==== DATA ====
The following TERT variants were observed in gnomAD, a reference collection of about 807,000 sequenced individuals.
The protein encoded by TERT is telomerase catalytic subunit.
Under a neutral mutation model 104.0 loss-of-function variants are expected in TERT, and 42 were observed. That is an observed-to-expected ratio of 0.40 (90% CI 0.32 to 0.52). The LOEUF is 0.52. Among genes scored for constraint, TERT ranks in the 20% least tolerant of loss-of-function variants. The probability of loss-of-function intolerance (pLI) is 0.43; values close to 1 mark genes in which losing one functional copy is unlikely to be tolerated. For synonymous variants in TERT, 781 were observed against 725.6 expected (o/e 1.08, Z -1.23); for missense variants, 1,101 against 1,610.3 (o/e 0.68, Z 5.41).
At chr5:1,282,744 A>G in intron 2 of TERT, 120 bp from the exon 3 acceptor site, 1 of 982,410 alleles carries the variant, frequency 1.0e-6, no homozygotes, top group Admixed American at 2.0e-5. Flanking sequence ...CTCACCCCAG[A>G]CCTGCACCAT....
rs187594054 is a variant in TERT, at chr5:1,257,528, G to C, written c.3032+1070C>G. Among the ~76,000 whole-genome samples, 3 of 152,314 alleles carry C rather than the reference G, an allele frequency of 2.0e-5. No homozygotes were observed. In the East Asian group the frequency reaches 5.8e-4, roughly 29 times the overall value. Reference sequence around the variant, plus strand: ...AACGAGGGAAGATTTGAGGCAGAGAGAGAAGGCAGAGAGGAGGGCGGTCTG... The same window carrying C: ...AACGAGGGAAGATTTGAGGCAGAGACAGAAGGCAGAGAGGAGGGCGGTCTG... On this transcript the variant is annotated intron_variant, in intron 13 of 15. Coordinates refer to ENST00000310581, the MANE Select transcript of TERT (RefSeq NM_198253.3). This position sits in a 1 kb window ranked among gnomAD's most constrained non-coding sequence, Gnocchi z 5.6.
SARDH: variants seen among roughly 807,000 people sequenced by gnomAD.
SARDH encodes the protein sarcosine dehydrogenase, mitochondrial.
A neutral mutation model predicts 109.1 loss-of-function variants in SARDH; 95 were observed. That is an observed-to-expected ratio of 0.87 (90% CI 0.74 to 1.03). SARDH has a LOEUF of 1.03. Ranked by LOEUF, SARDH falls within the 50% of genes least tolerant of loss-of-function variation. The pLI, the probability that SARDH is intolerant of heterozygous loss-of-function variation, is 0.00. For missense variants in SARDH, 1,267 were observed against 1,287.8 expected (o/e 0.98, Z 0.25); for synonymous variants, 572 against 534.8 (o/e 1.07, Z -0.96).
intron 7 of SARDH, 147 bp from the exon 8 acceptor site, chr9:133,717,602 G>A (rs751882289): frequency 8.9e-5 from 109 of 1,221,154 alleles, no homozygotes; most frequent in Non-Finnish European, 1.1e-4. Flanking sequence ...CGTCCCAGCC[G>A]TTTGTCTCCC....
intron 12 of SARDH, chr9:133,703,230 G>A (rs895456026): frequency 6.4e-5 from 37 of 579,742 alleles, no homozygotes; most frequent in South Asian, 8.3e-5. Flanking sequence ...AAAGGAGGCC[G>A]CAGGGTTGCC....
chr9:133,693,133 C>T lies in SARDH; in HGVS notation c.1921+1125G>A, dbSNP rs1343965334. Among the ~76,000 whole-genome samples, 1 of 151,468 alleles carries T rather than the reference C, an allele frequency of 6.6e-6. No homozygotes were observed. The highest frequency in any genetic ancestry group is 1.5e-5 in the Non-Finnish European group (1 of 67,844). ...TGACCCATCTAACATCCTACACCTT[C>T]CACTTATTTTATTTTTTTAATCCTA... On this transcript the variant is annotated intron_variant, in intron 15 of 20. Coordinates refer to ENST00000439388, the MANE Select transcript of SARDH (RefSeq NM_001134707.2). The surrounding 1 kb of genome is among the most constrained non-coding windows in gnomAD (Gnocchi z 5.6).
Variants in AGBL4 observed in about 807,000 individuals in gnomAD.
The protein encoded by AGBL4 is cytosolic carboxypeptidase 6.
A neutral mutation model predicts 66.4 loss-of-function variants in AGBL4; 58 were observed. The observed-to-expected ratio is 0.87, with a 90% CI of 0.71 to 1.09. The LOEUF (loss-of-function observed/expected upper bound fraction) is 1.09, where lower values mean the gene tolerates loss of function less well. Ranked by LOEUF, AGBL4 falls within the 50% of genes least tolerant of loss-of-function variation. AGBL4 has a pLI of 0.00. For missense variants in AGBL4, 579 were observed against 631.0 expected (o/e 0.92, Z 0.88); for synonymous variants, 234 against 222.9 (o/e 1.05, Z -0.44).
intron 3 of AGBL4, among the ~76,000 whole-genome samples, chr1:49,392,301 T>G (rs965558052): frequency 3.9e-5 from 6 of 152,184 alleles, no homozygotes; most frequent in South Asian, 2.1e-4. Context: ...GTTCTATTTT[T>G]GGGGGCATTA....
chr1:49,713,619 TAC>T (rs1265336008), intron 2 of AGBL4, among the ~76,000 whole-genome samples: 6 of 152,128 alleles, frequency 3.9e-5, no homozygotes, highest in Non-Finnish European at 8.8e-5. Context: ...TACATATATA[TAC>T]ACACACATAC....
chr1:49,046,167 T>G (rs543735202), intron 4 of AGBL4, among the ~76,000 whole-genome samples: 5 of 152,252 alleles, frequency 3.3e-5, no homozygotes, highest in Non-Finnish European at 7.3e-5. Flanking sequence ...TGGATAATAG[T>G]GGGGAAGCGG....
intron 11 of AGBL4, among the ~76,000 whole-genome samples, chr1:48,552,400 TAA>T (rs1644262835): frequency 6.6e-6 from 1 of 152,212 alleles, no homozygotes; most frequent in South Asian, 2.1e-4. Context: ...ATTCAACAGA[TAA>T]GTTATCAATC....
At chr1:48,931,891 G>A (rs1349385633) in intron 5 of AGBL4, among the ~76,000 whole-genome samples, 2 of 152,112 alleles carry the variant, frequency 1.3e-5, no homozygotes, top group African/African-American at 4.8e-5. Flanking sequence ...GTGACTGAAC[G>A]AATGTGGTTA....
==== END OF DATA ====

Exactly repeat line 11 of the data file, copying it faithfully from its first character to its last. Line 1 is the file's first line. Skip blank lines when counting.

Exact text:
chr9:133,693,133 C>T lies in SARDH; in HGVS notation c.1921+1125G>A, dbSNP rs1343965334. Among the ~76,000 whole-genome samples, 1 of 151,468 alleles carries T rather than the reference C, an allele frequency of 6.6e-6. No homozygotes were observed. The highest frequency in any genetic ancestry group is 1.5e-5 in the Non-Finnish European group (1 of 67,844). ...TGACCCATCTAACATCCTACACCTT[C>T]CACTTATTTTATTTTTTTAATCCTA... On this transcript the variant is annotated intron_variant, in intron 15 of 20. Coordinates refer to ENST00000439388, the MANE Select transcript of SARDH (RefSeq NM_001134707.2). The surrounding 1 kb of genome is among the most constrained non-coding windows in gnomAD (Gnocchi z 5.6).